My preferred candidate, Joe Biden, happens to be stronger on both foreign policy and bipartisanship than McCain, and would reduce the exotic feel of the Obama campaign (something a woman or Richardson would be less able to do). Biden loves cameras, and performs well in front of them. Occasionally verbose, he has become increasingly adept at breaking policy into sound bites. More importantly, for a vice presidential nominee (and perhaps especially with Obama’s efforts to maintain niceness), Biden has no qualms about going on the attack when necessary.

If Obama chose Biden as VP, Hillary Clinton as Secretary of State and Republican Chuck Hegel as Secretary of Defense, the administration would likely be both functional and well repected. Of course the Senate would suffer greatly.

Whomever Obama chooses, he should name his running mate by mid-July. That would give the team plenty of time to make the rounds of talk shows and to hone their message throughout the dog days of summer, peaking just in time for the Democratic National Convention Aug. 25-28

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15 Responses to “The Democrats’ best VP choice–and when Obama should name him”

  1. Ben K said

    Biden seems to really want the job, not sure if that helps or hurts him

  2. Michele C said

    Joe Biden is my preferred choice, as well. He has been well-vetted (gaffes and talk-too-much at times, plagiarism error – all have been tossed out, explained, re-explained, and will be re-iterated). The voters who don’t look beyond the pundits and the 30-second sound bites may feel he doesn’t fit Obama’s “change needed” saying he’s a part of the old Washington politics should consider that not only is he is exactly opposite of that analogy, he has exactly what Obama needs: vast foreign policy and national security knowledge far beyond any other potential, has demonstrated bi-partisan legislation is achievable and has successfully done so not only foreign, but domestic front legislation, as well. We’ve already seen his ability to outperform during debates, hands down. (I believe) this general election campaign will be the most divisive, bitter campaign in history. He’s more than ready and capable of firing back without hesitation (blunt and straight to the point – but always right on the money) – his bite is as harsh as his bark. He’s a tried and true loyal Democrat – no worry he will be doing any flip-flop on changing his stance on defending the Dems against the Reps -or doing so just to woo the Indeps, either. One thing is for sure, he will be sorely missed in the Senate as his voice there has been responsible for many of the laws and legislation that benefit the morale majority of “We, the People.”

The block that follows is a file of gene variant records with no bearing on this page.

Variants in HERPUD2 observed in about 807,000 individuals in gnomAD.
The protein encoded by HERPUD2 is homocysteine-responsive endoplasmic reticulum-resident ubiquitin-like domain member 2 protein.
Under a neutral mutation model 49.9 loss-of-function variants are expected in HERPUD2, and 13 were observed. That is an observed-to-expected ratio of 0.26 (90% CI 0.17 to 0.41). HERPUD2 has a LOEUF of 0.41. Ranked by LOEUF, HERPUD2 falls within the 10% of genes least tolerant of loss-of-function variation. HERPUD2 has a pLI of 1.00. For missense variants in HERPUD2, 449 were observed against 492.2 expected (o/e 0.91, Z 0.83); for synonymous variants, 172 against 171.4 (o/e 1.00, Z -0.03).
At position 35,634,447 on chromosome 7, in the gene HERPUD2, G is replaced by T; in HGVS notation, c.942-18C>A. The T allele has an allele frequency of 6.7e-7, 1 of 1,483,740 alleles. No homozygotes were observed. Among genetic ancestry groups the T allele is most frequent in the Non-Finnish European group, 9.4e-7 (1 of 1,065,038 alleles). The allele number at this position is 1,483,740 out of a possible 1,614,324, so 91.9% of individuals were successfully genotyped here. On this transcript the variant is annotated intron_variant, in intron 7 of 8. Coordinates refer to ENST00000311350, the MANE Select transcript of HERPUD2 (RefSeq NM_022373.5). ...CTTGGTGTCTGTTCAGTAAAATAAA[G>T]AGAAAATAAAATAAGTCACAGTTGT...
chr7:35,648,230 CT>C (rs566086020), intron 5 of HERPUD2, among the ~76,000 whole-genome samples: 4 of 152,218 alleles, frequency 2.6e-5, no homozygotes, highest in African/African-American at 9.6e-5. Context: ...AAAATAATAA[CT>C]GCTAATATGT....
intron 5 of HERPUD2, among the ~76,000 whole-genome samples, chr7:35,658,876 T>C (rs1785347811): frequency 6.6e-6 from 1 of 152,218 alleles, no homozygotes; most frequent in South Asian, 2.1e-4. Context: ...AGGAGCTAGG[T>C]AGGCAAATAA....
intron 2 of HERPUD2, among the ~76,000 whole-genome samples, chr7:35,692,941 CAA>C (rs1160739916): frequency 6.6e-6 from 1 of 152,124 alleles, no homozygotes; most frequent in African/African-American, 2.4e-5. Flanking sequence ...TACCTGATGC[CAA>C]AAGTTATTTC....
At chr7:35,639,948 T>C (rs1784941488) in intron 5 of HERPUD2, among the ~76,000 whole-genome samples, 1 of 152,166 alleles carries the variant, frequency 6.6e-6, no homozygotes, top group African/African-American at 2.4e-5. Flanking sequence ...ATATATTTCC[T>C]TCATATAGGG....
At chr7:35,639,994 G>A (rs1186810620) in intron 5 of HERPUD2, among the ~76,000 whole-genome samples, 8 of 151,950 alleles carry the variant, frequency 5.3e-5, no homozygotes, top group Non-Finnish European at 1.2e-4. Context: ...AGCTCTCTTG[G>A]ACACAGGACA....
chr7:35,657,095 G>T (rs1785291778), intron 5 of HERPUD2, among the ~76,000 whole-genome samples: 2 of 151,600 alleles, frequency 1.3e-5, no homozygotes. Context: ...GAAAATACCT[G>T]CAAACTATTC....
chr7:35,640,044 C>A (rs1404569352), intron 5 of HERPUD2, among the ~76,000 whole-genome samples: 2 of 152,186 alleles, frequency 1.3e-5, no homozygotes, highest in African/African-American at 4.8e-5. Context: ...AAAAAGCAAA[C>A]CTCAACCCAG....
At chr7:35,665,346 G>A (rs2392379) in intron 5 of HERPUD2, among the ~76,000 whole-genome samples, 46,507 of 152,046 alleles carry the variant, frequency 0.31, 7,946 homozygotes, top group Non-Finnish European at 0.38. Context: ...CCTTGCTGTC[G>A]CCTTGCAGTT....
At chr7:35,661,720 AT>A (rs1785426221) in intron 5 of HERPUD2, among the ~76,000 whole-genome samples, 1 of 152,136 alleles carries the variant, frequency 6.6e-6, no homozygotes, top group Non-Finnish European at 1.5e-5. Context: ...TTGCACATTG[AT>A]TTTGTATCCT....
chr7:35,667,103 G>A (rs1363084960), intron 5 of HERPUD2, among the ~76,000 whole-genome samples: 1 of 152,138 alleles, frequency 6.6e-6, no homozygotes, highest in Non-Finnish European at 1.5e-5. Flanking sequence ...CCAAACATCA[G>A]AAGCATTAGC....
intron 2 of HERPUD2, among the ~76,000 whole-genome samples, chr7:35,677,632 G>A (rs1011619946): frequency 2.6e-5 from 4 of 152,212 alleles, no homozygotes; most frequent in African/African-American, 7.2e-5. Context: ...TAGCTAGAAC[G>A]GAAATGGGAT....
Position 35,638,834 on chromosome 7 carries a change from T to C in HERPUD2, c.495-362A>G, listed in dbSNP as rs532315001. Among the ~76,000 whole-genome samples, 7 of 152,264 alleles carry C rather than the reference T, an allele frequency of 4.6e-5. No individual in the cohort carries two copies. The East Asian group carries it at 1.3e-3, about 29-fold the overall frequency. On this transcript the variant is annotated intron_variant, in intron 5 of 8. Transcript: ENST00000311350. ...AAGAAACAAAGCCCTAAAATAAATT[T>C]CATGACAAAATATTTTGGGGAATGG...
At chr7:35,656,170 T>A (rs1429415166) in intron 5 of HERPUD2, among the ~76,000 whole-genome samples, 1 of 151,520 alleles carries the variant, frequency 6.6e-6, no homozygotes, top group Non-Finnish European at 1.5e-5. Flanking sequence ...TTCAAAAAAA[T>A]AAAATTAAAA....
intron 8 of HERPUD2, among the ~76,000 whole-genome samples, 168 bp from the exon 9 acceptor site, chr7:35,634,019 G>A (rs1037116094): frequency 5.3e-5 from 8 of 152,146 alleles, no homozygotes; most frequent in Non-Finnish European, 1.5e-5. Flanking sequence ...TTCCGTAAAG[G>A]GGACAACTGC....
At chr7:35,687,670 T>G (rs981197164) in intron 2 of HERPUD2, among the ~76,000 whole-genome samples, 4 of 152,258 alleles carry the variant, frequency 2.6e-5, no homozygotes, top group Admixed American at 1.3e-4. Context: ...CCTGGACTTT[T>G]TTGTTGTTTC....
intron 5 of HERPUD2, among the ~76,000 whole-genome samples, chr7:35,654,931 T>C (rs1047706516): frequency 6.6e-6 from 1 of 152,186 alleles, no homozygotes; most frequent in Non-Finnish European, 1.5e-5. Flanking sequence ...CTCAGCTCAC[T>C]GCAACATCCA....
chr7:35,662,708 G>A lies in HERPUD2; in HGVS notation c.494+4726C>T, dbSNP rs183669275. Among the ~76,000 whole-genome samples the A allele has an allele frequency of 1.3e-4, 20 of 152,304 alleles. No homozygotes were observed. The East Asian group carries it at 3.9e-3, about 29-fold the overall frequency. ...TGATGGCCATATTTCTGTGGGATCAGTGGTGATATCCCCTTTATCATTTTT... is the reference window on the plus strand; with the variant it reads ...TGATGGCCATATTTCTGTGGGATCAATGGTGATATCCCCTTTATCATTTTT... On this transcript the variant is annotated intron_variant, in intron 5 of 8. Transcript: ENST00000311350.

3. Ted said

    Can’t realistically imagine McCain selecting anyone other than Palin as his Veep!

  4. jordan said

    What do you make of the chatter about Chuck Hagel as a contender?

  5. James McPherson said

    Hagel would be an interesting choice, bringing many of the same pluses as Biden. I wouldn’t be surprised to see him asked to play some role (Secretary of Defense or State), but unless he renounces his GOP ties I can’t see him being chosen as VP. Even then, it might cause a backlash. For example, I don’t think Joe Lieberman’s recent conversion have helped him overall (definitely not with Dems, of course). The Hagel rumors help Obama’s “get-beyond-politics-as-usual” perspective, though.

    Though I don’t see it happening, this would make for an interesting contest: McCain/Lieberman vs. Obama/Hegel.

  6. jordan said